Lack of Info on Hezbollah's Militant Wing Leaves U.S. Unprepared for Contingencies with Iran

For several months, I, along with a select group of colleagues have been in “closed door” dialogue questioning the international community and their understanding towards the militant wing of Hezbollah. After weeks of extensive research, a depressing conclusion has been made. Very few have a clear understanding of Hezbollah’s militant wing, let alone Iran’s military organizational structure.

For the next couple of weeks or possibly even months, I will do my best to gather in-depth knowledge on Hezbollah’s mysterious militant wing. It is understood that this task will be more than difficult considering everything written must come from open sources–nothing used here is classified.

Prior to moving forward with our discoveries, it is critical to point out that while many proclaimed counterterrorist and intelligence experts believe Hezbollah was structured identically as Iran’s Al Quds Force, this belief is based on assumptions supported with zero facts. The IRGC created Al Quds and later created Hezbollah as an additive to Al Quds. Both, Al Quds and Hezbollah, two entities falling within the IRGC, have very different structures. To gain a better understanding of the IRGC layout, please see below.

Figure 1. As Hard-Liners Rise, Shadowy Revolutionary Guard Muscles In on Airport And Nabs Energy Deals; Dawn Clash Over a Drilling Rig in The Persian Gulf. Andrew Higgins. Revolutionary Guard Inc. (Accessed 20 Jan 20112)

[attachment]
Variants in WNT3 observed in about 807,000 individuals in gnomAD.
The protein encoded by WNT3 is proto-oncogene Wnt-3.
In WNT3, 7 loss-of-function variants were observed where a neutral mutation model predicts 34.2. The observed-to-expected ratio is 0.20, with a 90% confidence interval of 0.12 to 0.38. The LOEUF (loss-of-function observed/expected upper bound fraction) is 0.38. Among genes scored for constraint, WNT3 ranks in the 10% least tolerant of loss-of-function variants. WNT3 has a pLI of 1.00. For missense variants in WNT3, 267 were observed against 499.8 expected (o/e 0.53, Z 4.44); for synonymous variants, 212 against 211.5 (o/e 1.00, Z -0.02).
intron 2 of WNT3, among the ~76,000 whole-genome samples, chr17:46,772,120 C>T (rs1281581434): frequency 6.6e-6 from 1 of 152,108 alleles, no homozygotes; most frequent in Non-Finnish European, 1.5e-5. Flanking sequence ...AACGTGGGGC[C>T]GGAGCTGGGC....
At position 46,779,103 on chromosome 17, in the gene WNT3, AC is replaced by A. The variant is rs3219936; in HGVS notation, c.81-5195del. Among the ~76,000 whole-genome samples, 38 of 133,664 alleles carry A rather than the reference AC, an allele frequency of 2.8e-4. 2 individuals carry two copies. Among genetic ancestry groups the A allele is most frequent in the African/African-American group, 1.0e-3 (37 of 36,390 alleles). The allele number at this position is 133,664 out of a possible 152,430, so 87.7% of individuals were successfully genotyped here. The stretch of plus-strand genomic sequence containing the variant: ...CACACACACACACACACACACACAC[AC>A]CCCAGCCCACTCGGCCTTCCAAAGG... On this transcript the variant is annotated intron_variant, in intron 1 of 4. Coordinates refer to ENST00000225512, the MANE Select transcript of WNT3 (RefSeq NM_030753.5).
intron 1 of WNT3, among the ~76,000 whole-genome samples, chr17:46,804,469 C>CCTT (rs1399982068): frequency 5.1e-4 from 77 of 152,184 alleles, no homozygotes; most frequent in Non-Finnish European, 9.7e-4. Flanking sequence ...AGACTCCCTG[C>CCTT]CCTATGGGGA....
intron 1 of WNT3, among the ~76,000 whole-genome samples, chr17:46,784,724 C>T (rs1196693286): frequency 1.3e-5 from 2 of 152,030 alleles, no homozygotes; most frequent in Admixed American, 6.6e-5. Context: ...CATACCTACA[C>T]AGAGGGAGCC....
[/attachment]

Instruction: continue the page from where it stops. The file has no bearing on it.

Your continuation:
To gain a better appreciation of why we claim very few within the international community understands Hezbollah’s organizational structure let alone the players of Hezbollah’s militant wing, below are a few examples of different perceived Hezbollah organizational flow charts. Visually, observers will specifically find that these examples outline Hezbollah’s militant wing differently.

Figure 2. Hezbollah’s Organizational Structure. Source: Hezbollah: Profile of the Shiite Terrorist Organization of Global Reach Sponsored by Iran and Supported by Syria, Intelligence and Terrorism Information Center, Center for Special Studies, Special Information Bulletin, June 2003. (Accessed 21 Jan 2012)

Figure 3. Hezbollah’s Organizational Structure. Original Source: STRATFOR (2008). Taken from the article British Double Vision on Hezbollah written by Dr. Walid Phares published at (Accessed 11 Dec 2011)

Needless to say, those concerned about a future imminent war between Iran and the western free world have every right to be concerned. While the United States and partnering nations have tirelessly fought against Al Qaeda for well over ten years, we have lost sight on one rogue regime–Iran. It is obvious that intelligence lacks pertaining Iran’s military structure.

Knowing that Iran has engaged in acts of war against the United States and our allies utilizing its militant proxies for well over 30 years, one would believe U.S. and foreign nation states would have a handle on understanding Iran’s militant organizational structure. Regrettably, this is not the case based off the aforementioned flow charts exemplifying numerous differences between them.

Hopefully, in due time, capabilities unfolding a greater depth of knowledge pertaining Iran’s militant organizational structures will come to fruition–first by identifying Hezbollah’s mysterious militant wing. It is believed that exposing Hezbollah’s militant wing must priority number one due to the group’s strategic position. Tactically, it is believed that any Iranian threat posed against the United States homeland comes from Hezbollah more than any other Iranian militant entity. They have operators positioned throughout Asia, Latin America, Africa, and even inside the United States patiently waiting for their Supreme Leader’s call to action.

Kerry Patton, a combat service disabled veteran, is a senior analyst for WIKISTRAT and owner of He has worked in South America, Africa, the Middle East, Asia, and Europe, focusing on intelligence and security and interviewing current and former terrorists, including members of the Taliban. He is the author of Sociocultural Intelligence: The New Discipline of Intelligence Studies and the children’s book American Patriotism. You can follow him on Facebook.